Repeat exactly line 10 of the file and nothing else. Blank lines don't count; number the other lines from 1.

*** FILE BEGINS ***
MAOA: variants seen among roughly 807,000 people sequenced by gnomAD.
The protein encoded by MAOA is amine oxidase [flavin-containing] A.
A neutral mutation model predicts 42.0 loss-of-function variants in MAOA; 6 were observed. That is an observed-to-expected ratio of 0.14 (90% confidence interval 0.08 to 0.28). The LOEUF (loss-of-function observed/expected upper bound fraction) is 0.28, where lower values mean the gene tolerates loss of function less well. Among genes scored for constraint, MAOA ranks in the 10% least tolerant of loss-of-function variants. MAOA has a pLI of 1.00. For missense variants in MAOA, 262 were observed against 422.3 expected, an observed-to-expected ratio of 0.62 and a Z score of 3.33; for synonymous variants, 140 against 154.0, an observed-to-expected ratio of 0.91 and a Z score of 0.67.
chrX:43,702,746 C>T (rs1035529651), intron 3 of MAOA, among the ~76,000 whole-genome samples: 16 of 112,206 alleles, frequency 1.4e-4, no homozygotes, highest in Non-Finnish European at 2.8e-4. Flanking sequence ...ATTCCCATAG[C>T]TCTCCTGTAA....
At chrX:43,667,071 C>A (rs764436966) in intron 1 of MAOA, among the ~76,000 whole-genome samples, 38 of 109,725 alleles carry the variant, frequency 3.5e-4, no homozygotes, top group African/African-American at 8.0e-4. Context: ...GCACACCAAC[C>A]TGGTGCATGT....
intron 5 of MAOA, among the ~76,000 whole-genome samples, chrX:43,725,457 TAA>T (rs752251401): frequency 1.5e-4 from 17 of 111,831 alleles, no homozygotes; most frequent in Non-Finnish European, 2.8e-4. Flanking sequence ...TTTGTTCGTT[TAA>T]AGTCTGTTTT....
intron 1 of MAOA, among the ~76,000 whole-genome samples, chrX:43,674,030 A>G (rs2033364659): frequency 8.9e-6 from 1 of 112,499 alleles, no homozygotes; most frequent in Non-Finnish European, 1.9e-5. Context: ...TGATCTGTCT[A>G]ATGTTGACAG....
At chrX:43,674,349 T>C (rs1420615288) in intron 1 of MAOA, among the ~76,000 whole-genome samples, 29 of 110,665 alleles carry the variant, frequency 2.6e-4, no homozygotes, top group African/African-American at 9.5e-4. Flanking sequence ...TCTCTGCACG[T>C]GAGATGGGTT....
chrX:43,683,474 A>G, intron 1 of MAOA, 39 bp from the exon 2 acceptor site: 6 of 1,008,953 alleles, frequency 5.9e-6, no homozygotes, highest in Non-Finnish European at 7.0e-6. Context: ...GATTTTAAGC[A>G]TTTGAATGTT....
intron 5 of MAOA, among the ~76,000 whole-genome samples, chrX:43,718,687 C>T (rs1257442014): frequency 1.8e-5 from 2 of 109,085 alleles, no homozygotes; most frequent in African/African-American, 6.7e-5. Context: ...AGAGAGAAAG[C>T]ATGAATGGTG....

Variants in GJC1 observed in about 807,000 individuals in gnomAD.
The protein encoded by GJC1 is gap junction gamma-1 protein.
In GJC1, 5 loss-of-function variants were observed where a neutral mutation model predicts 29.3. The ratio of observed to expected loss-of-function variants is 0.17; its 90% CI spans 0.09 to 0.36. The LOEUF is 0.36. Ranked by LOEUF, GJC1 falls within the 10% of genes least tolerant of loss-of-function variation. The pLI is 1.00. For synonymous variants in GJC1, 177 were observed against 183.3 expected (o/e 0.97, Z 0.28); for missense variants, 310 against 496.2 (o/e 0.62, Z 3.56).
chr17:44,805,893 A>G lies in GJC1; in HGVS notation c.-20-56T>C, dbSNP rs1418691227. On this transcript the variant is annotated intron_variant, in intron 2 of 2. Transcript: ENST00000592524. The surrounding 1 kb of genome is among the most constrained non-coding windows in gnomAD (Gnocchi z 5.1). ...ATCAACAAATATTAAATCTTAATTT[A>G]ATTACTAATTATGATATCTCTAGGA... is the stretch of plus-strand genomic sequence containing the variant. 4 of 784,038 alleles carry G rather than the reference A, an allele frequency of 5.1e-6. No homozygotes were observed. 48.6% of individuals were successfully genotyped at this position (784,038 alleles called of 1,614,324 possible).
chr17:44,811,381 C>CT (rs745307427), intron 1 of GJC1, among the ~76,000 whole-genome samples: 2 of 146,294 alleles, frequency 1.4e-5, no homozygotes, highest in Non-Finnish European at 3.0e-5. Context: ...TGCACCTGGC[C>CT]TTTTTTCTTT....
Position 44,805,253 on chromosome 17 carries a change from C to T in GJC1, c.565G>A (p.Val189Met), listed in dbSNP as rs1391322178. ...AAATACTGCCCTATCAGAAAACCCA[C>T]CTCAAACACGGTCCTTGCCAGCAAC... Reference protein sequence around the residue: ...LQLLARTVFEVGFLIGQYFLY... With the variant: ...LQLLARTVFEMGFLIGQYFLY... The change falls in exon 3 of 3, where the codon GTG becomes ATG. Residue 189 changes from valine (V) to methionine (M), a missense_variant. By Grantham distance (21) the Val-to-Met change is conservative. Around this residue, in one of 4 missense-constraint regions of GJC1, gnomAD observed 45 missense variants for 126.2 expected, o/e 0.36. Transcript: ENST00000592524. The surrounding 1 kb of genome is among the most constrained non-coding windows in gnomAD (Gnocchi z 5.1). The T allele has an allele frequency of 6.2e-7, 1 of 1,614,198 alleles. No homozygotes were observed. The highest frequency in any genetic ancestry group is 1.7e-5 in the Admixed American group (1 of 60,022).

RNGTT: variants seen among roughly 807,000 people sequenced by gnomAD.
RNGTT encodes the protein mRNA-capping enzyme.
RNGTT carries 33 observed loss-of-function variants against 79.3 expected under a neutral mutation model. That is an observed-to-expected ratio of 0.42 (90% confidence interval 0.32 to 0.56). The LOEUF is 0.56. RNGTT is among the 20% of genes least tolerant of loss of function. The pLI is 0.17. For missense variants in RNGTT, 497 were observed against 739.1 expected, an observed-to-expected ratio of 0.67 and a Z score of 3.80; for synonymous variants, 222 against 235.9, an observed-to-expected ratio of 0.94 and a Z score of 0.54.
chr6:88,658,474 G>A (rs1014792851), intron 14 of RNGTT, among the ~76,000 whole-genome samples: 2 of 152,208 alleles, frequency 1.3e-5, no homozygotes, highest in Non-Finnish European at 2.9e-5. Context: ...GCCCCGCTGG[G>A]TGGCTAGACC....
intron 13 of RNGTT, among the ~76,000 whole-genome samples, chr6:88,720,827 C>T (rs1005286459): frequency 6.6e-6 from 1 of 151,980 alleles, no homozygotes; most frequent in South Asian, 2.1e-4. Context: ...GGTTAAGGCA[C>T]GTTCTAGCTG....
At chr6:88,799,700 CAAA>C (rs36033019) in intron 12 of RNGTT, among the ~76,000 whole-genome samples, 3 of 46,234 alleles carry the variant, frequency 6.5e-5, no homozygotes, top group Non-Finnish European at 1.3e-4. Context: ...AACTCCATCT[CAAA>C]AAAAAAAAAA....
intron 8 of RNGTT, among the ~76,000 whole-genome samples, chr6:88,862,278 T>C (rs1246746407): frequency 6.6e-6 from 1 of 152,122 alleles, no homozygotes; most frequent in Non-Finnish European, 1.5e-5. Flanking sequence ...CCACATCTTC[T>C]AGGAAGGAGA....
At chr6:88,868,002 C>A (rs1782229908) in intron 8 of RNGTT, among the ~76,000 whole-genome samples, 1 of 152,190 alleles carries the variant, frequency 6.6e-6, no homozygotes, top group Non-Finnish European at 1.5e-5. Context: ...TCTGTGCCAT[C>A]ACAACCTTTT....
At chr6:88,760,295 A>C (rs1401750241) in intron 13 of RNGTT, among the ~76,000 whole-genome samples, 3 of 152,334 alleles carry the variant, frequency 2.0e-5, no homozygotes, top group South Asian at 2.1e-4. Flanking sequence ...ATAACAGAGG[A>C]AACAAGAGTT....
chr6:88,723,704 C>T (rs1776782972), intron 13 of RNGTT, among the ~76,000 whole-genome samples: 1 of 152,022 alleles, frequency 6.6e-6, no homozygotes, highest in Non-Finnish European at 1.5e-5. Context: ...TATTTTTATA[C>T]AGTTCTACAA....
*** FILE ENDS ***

intron 5 of MAOA, among the ~76,000 whole-genome samples, chrX:43,718,687 C>T (rs1257442014): frequency 1.8e-5 from 2 of 109,085 alleles, no homozygotes; most frequent in African/African-American, 6.7e-5. Context: ...AGAGAGAAAG[C>T]ATGAATGGTG....